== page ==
I Am The Face Campaign


Every single day in the US, 2,000 women lose a baby to pregnancy/infant loss. That’s 700,000 a year, a quarter of every female in this country. So why does no one talk about it?

I AM THE FACE is Faces of Loss, Faces of Hope‘s annual pregnancy/infant loss awareness campaign. Through it, we are “putting a face” on miscarriage, stillbirth, and infant loss. We are sharing our faces, and declaring to the world, “I am not ashamed to talk about my baby.”


23 Times Bitten…

Have you ever watched the cartoon “Home Movies?”  If you haven’t, I encourage it.   The show revolves around a highly imaginative third-grader named Brendon Small who directs and stars in movies that he produces in his basement with his two best friends, Jason and Melissa.  The show is full of witty banter between the kids as they make movies, which end up being parodies of popular films and specific genres, and send ups of conventions within modern culture for the cartoon’s audience.  These children are also surrounded by highly ineffectual adults:  a lazy, booze-hound soccer coach; a milque-toast, “trying to do right thing” teacher; and a cast of divorced parents with neurotic tendencies.  In their interactions with the adults, the children usually end up sounding a lot smarter and more mature to intended comic effect.

In one particular episode, Brendon is chosen to direct the school musical “Bye-Bye Greasy.”  After Brendon casts himself into a starring role, the school bully decides that it should be his part.  While the bully is strong-arming Brendon in a scene, the teacher, Mr. Lynch, approaches the two and ends up in giving a “stern” warning for the bully, “You are two strikes away from violation of my 23 strikes and you’re out policy!”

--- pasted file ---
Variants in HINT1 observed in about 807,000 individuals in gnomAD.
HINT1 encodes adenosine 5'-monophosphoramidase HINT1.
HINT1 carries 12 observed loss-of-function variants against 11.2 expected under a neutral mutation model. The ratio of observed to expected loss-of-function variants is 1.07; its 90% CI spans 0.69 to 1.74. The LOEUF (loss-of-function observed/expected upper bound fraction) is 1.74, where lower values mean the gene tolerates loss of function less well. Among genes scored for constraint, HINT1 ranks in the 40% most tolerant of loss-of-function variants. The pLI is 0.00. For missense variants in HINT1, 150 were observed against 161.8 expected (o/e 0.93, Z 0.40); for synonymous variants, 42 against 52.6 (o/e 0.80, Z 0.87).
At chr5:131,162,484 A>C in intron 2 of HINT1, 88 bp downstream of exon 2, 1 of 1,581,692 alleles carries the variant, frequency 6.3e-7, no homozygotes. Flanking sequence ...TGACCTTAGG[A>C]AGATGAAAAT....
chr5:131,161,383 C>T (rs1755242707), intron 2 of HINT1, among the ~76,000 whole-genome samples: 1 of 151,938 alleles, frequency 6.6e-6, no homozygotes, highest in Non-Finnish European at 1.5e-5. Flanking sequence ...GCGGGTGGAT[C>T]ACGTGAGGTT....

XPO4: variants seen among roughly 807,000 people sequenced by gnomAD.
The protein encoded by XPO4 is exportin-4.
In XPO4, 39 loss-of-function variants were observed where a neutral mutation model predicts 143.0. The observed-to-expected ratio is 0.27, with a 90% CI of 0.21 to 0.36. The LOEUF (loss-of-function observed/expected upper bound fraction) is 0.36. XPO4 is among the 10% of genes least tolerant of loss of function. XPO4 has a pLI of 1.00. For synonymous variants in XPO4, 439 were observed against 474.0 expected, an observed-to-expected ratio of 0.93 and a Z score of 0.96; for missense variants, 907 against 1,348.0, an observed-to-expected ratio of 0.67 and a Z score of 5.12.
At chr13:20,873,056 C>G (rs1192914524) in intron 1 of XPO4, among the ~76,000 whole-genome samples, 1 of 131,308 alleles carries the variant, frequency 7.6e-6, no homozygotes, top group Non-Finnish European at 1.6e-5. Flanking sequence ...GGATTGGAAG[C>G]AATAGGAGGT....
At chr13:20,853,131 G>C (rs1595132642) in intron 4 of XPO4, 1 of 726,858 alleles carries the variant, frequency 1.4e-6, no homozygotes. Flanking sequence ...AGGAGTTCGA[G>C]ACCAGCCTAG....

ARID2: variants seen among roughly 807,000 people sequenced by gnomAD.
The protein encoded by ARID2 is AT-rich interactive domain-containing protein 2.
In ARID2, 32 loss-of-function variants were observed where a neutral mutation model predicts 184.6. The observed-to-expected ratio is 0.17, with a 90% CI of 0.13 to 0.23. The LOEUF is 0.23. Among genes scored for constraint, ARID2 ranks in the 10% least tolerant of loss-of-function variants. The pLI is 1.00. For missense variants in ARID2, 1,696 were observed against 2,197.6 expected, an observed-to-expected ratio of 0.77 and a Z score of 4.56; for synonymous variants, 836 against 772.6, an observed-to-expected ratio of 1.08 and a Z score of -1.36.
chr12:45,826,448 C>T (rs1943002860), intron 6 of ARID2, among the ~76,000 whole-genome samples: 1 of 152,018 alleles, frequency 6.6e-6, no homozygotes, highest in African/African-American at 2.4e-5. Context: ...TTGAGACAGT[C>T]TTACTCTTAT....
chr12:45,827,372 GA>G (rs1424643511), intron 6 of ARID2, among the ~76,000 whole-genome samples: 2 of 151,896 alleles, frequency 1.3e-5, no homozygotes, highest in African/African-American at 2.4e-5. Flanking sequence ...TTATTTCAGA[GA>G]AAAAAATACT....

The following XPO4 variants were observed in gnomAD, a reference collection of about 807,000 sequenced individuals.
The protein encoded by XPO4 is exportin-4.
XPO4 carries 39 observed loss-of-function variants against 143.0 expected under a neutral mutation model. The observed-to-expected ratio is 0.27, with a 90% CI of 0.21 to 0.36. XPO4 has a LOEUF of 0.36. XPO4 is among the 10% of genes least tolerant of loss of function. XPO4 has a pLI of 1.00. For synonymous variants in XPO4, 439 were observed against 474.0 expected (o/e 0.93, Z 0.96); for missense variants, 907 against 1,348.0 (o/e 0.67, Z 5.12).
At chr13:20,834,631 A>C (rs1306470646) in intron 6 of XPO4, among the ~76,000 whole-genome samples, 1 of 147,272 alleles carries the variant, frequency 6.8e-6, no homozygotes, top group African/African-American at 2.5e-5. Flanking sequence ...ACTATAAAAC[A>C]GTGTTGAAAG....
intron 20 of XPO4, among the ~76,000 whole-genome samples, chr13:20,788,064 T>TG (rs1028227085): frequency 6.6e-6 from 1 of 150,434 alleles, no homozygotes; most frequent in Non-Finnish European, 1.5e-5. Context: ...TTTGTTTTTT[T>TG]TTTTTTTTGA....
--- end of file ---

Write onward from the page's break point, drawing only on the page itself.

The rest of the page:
While it’s funny, I have to wonder how many times I’ve given twenty-second chances in the name of being nice or fair to people who clearly haven’t shown any regard for me, and just how ineffectual such exercises have been.

Having been brought up as a Christian, I’ve had the phrase, “Turn the other cheek” ingrained in my psyche.  So giving people the benefit of the doubt and untold chances always seemed like the right thing to do.   However, if we are to honor God, shouldn’t we also honor ourselves?  If someone is consistently treating us badly, should we not protect our hearts and not let them drain our energy?   The two major challenges in my life – dealing with childlessness not by choice and living life as a stepmom- have brought this dilemma to the forefront of my life.   I’m grieving, and I need to be a little nicer to myself and give myself to space to heal.  In the past year, I’ve really had to work at establishing boundaries for myself, but it has not been easy.

Typically, the hardest of all is trying to limit ties to people who time and again have shown that they are not at all interested in two-way relationships (and are therefore probably people who I would not deliberately seek out as friends), but a shared person keeps the spheres of our lives entwined.  These are people with whom I have tried on several occasions to maintain good relationships only to either be rebuffed or used.